(Photo by Timothy A. Clary / Getty Images)
AUGUSTA, Ga. -- Part of the joy of Augusta National is how sound echoes through the trees here. Tiger Woods has known birdie cheers and the eagle roars. On Thursday, he heard the sounds of silence.
When Woods' drive on No. 1 hooked violently left and nailed a tree, bouncing further left and backward, the gallery groaned and then fell into an eerie silence -- an almost "What the hell was that?" silence 00 puzzled, confused, searching for an explanation. Hey, isn't this the guy who got it back when he won at Bay Hill two weeks ago?
On the par-5 second hole, Tiger was once again wild left and had to take a penalty drop for an unplayable lie and again needed a one-putt par. When he birdied No. 3, he had three consecutive one-putts and was one-under par when he could have been one over -- or worse. And then he seemed to right the ship.
A bogey on No. 7 dropped Woods back to even, but when he made birdies on Nos. 8 and 10 to get to two-under par, a number that was flirting with the lead, it appeared as if he was about to turn a 74 into a 68. At least that's what the old Tiger Woods would have done.
But then Tiger succumbed to a bugaboo that has bothered him since he returned to competition here in 2010 -- difficulty closing out a round. He birdied neither of the reachable par-5 holes on the back nine -- Nos. 13 and 15 -- and then closed bogey-bogey to reconvert that 68 into an even-par 72.
"Today I squeezed a lot out of that round," Woods said, somewhat accurately. "Didn't hit it very good at all. Warmed up bad, too, and it continued on the golf course." For long stretches he played well after the two horrible opening drives, but he never appeared comfortable enough with his game to go into full attack mode.
"I just felt my way around today," Woods said. "I really grinded, stayed very present. And you know, I know how to play this golf course. I think it's just understanding what I need to do."
Certainly, that was an admission that the final-round of the Arnold Palmer Invitational, were he ended his 30-month victory drought in PGA Tour events, was not a true test of the ability of his new Sean Foley swing to hold up under pressure. No one really applied pressure to Woods in that final round at Bay Hill, and it is under pressure that swings flaws are revealed. It is a time when there is a tendency to fall back on old habits.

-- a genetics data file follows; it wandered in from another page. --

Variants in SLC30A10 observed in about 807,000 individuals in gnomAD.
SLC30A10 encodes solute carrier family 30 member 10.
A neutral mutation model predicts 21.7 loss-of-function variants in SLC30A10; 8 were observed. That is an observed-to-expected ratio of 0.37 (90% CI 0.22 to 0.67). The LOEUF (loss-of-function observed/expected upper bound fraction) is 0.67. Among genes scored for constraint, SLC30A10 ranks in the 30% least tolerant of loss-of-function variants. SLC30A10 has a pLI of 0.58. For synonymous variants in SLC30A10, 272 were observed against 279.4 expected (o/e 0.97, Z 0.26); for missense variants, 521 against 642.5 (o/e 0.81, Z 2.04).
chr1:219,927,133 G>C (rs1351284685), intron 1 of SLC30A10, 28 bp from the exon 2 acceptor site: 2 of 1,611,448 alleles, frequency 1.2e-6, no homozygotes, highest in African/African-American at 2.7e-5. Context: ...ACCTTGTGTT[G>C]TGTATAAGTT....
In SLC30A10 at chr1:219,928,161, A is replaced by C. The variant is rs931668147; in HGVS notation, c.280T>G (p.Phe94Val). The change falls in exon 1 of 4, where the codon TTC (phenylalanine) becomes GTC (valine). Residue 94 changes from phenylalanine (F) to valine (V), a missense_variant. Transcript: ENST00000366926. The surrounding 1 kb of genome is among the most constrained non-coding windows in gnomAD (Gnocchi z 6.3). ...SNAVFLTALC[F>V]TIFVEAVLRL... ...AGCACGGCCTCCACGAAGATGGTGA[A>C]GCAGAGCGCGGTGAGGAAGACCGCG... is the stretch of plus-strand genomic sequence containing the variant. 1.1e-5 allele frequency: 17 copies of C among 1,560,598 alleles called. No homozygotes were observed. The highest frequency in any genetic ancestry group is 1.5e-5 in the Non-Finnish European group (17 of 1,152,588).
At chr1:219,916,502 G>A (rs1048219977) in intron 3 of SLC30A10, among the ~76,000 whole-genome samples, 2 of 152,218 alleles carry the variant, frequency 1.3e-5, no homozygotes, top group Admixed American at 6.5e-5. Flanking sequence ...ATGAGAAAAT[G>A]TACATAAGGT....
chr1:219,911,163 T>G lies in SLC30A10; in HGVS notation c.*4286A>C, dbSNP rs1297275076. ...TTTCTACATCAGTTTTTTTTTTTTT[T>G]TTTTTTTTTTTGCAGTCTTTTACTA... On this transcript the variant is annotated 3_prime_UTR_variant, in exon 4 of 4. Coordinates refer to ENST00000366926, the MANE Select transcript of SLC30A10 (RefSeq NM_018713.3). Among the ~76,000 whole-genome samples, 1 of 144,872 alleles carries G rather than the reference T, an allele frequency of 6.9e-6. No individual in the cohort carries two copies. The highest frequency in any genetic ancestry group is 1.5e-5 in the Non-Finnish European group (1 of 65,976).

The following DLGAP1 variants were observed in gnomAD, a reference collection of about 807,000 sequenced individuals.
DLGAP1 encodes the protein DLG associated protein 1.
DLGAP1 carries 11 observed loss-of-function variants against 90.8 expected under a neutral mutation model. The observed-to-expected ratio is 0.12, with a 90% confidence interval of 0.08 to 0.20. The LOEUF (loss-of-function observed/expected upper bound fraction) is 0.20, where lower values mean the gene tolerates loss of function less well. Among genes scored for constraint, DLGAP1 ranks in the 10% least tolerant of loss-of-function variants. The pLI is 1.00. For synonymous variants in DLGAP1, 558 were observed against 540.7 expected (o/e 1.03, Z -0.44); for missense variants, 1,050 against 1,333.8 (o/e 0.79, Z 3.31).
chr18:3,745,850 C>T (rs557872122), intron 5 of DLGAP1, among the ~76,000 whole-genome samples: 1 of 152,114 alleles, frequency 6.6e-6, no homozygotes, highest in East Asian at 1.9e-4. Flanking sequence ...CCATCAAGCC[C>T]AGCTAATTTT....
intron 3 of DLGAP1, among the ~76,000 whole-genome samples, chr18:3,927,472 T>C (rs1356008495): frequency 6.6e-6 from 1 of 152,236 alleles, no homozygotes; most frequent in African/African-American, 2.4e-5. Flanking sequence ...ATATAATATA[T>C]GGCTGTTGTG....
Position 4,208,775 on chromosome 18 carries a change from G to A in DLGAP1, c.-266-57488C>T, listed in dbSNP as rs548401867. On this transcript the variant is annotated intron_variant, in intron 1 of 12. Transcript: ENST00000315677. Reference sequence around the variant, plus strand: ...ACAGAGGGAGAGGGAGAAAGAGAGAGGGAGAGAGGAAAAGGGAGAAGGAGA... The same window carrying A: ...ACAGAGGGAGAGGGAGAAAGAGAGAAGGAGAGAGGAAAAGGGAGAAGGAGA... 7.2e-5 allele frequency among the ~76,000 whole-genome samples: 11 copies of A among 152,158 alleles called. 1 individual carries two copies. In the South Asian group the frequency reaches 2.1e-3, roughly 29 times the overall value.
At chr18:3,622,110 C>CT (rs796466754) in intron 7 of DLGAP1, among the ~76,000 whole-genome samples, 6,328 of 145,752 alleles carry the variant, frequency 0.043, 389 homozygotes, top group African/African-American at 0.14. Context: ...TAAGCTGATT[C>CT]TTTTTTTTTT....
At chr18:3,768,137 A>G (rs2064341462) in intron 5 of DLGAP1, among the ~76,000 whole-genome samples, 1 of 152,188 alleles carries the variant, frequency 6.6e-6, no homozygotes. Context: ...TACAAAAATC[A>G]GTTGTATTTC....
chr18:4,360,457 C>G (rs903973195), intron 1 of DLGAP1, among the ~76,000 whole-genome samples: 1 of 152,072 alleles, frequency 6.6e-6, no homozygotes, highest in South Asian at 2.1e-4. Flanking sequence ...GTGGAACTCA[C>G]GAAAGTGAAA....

"Same old motor pattern," Woods said. "Now I'm struggling with it all the way around with all the clubs. I need to go do some work." Asked it he had fallen back into his Hank Haney swing, a reference to the former instructor whose book about working with Woods, "The Big Miss" was released last week, Tiger said: "Yeah, the Hank backswing was the new downswing."
Like many of the rounds Woods has played over the last two and a half years, the score could have been better and it could have been worse. Like many of those rounds, this one was characterized by late mistakes.
In last year's Masters, Woods turned in 31 on Sunday to tie for the lead and then missed crucial -- and highly makeable -- putts on Nos. 12, 13 and 15 as he finished T-4. Since then he had chances to win in Australia, Abu Dhabi and Pebble Beach and failed to close before finally winning at Bay Hill.
"I made some bad swings," Woods said about his opening round. " That's fine. My commitment to each and every shot, what I was doing, my alignment, my setup, everything was something that I'm excited about and I can take some positives going into tomorrow about that."
With no one going particularly low in the first round, Woods is still very much in contention. Opening with an even-par round was part of the pattern of The Old Tiger: Open slow, post a low number on Saturday to take control and play Sunday with the lead as the greatest front-runner in the history of the game.
What we saw Thursday at Augusta National were just enough flaws in Woods' game to temper the cries of "He's back" screamed by many after the Arnold Palmer Invitational. In fact, it may be getting to a time when we will have to re-evaluate what we mean by saying Tiger is back.
The Woods of 2000 -- three majors, two in overwhelming fashion -- may never be seen again. That was maybe the best season in the history of golf. But a Tiger Light would still be better than almost everyone else playing the game right now.
One of Tiger's favorite words -- one of Foley's favorite words -- is "process." The question right now is exactly where Woods is in the process and when the re-emerging version of Tiger will start to slam the door at the end of rounds the way he used to. That guy is still missing.
-- Ron Sirak